I know what you’re going through. No matter my intentions, I find it tough to start a new habit even when the new habit is positive and beneficial to my life. It always takes me a few attempts before it becomes a regular part of my daily or weekly routine. Writing more regularly, exercising more frequently, avoiding junk foods, flossing daily… the list goes on and on.
And like everyone else, I also get discouraged and doubt that I can even achieve the goal in the first place. But the truth is, failing to stick to our resolutions or goals can actually help us be more successful the next time around.
- A relapse increases knowledge of personal triggers. One of the benefits of having a relapse or slip is that we gain more knowledge about ourselves and our triggers. What triggered your slip? Was it a person or a place? Was it a particular crisis? With this knowledge, you can start to prepare for future temptations and further success. By identifying your triggers and challenges, you are more likely to overcome them the next time around.
- A relapse forces you to develop better strategies. What will you do when you are tempted to go back to your old ways? It’s bound to happen, especially early on in your new behaviour. Having a relapse makes you re-examine how you’re handling these temptations. Maybe it’s finding a new support system. Maybe it’s about taking a much-needed break or vacation. Maybe you need to start changing the self-talk that leads to bad choices. Whatever the case, a relapse can help you refine strategies for sticking to the new habit.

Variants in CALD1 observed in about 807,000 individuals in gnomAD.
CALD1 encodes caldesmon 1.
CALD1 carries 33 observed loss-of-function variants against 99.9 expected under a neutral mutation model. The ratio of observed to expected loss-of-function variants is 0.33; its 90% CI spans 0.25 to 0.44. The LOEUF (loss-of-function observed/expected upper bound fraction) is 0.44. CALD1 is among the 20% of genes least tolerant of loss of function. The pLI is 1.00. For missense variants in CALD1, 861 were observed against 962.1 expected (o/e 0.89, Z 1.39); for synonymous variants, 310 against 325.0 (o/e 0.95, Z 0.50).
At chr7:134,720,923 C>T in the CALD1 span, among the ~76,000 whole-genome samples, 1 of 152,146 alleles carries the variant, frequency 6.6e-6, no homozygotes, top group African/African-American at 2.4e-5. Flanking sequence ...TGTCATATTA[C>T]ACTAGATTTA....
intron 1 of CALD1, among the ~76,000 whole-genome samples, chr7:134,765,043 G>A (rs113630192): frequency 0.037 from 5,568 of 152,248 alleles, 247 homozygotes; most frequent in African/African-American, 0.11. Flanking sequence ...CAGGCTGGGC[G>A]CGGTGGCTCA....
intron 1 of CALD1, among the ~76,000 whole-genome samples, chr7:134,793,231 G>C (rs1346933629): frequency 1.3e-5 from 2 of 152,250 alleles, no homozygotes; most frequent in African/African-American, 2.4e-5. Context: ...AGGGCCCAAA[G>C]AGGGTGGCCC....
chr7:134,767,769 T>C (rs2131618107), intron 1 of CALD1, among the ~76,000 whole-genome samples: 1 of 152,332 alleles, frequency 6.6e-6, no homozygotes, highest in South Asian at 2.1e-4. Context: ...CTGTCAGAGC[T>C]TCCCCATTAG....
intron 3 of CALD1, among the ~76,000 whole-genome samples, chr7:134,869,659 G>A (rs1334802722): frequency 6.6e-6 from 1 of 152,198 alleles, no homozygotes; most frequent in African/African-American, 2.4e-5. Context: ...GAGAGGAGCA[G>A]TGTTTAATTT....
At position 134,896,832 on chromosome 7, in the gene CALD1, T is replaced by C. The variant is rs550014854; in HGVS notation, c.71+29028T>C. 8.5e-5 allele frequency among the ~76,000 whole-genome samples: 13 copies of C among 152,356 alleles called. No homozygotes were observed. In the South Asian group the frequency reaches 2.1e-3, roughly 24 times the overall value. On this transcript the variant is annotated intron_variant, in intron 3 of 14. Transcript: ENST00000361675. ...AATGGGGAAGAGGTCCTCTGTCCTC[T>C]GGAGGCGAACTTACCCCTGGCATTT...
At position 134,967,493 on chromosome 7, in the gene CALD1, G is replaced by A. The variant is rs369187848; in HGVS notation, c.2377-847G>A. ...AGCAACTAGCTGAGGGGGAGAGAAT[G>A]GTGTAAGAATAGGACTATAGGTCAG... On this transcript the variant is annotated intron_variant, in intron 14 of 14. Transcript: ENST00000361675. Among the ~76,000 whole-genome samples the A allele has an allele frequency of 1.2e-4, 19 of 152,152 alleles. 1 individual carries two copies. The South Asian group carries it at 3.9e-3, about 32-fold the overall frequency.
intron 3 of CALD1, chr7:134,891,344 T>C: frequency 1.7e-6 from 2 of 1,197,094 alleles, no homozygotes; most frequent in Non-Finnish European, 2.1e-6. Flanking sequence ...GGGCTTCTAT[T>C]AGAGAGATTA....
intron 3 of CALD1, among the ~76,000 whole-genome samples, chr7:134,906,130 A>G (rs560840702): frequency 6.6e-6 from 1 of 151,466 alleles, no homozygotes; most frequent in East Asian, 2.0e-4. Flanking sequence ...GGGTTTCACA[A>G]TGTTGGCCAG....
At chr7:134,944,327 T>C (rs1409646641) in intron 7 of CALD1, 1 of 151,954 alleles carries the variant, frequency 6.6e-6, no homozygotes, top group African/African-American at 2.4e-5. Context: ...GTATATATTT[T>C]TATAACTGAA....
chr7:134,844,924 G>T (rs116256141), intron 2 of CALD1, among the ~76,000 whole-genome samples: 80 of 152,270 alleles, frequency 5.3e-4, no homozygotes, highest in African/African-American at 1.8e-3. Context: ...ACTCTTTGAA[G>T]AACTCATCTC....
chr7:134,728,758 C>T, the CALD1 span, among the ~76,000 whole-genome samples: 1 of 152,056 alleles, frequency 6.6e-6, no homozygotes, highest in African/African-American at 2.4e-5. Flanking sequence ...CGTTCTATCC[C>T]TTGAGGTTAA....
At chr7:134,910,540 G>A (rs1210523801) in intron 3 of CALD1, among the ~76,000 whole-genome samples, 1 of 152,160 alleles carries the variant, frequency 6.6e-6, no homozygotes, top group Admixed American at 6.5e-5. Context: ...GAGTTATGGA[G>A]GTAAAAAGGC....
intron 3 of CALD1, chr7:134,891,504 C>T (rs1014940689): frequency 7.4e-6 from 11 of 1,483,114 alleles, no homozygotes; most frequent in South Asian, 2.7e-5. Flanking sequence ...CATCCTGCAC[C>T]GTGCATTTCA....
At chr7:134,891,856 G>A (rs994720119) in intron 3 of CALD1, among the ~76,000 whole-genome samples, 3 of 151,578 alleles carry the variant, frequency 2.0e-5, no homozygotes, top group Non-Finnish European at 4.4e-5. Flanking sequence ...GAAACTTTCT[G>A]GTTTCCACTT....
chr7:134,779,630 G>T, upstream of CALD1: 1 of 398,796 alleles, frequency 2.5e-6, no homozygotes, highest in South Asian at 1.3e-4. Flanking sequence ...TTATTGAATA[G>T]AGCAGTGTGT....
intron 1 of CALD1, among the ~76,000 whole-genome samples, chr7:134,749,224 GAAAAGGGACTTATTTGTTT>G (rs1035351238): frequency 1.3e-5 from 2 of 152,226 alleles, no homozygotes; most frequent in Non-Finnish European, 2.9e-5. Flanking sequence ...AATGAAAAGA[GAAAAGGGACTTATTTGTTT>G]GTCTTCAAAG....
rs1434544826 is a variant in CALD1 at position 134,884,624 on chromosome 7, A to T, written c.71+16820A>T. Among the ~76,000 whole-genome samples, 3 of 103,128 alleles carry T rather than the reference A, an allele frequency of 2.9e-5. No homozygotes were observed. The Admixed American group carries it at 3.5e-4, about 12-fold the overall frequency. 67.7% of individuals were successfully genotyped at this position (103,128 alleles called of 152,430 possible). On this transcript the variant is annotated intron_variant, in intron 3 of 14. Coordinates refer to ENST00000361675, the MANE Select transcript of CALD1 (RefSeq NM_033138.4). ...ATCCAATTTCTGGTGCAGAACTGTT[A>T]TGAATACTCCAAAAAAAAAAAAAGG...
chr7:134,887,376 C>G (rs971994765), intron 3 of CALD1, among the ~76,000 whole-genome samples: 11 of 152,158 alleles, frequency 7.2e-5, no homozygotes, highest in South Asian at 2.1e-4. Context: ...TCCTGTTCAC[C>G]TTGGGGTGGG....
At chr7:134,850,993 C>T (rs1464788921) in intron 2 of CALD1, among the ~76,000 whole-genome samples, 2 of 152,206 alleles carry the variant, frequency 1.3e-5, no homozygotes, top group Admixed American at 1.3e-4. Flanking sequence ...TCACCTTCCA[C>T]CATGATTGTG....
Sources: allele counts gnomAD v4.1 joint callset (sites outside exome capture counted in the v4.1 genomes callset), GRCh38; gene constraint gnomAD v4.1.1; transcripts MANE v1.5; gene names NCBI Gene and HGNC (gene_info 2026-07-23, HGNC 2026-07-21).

- A relapse forces you to re-examine your motivation and reasons for change. Another positive aspect of a relapse is that it provides an opportunity to reflect and remind yourself of why you want to change. Often times, our reasons for change can fade from consciousness, especially after a slip or relapse. The self-reflection that can come from relapse also teaches what is stopping us from succeeding at our new goal.
When we are trying to change something within us, it’s difficult to achieve perfection the first time around. The important point to remember is that when you slip and go back to an old behaviour, there are important lessons your slip can tell you about the journey you’re on.
Just remember that lapsing can be an important part of change. As some people in Alcoholics Anonymous will say, “With every slip, you’re one step closer to recovery.”
Hoping this piece of psychology helps you with your goals.